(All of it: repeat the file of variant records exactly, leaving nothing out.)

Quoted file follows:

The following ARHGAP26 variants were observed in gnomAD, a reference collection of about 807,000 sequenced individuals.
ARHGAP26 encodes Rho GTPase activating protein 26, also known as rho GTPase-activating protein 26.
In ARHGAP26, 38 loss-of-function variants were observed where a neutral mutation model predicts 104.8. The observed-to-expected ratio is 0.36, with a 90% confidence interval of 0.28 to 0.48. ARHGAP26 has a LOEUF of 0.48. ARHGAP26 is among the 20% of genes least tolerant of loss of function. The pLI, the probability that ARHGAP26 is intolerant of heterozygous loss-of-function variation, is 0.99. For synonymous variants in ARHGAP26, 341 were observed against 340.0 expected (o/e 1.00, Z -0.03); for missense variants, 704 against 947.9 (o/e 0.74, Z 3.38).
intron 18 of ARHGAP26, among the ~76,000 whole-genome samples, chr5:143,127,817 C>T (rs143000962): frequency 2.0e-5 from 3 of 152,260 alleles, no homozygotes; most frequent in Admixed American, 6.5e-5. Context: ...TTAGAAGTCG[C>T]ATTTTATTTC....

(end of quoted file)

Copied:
The following ARHGAP26 variants were observed in gnomAD, a reference collection of about 807,000 sequenced individuals.
ARHGAP26 encodes Rho GTPase activating protein 26, also known as rho GTPase-activating protein 26.
In ARHGAP26, 38 loss-of-function variants were observed where a neutral mutation model predicts 104.8. The observed-to-expected ratio is 0.36, with a 90% confidence interval of 0.28 to 0.48. ARHGAP26 has a LOEUF of 0.48. ARHGAP26 is among the 20% of genes least tolerant of loss of function. The pLI, the probability that ARHGAP26 is intolerant of heterozygous loss-of-function variation, is 0.99. For synonymous variants in ARHGAP26, 341 were observed against 340.0 expected (o/e 1.00, Z -0.03); for missense variants, 704 against 947.9 (o/e 0.74, Z 3.38).
intron 18 of ARHGAP26, among the ~76,000 whole-genome samples, chr5:143,127,817 C>T (rs143000962): frequency 2.0e-5 from 3 of 152,260 alleles, no homozygotes; most frequent in Admixed American, 6.5e-5. Context: ...TTAGAAGTCG[C>T]ATTTTATTTC....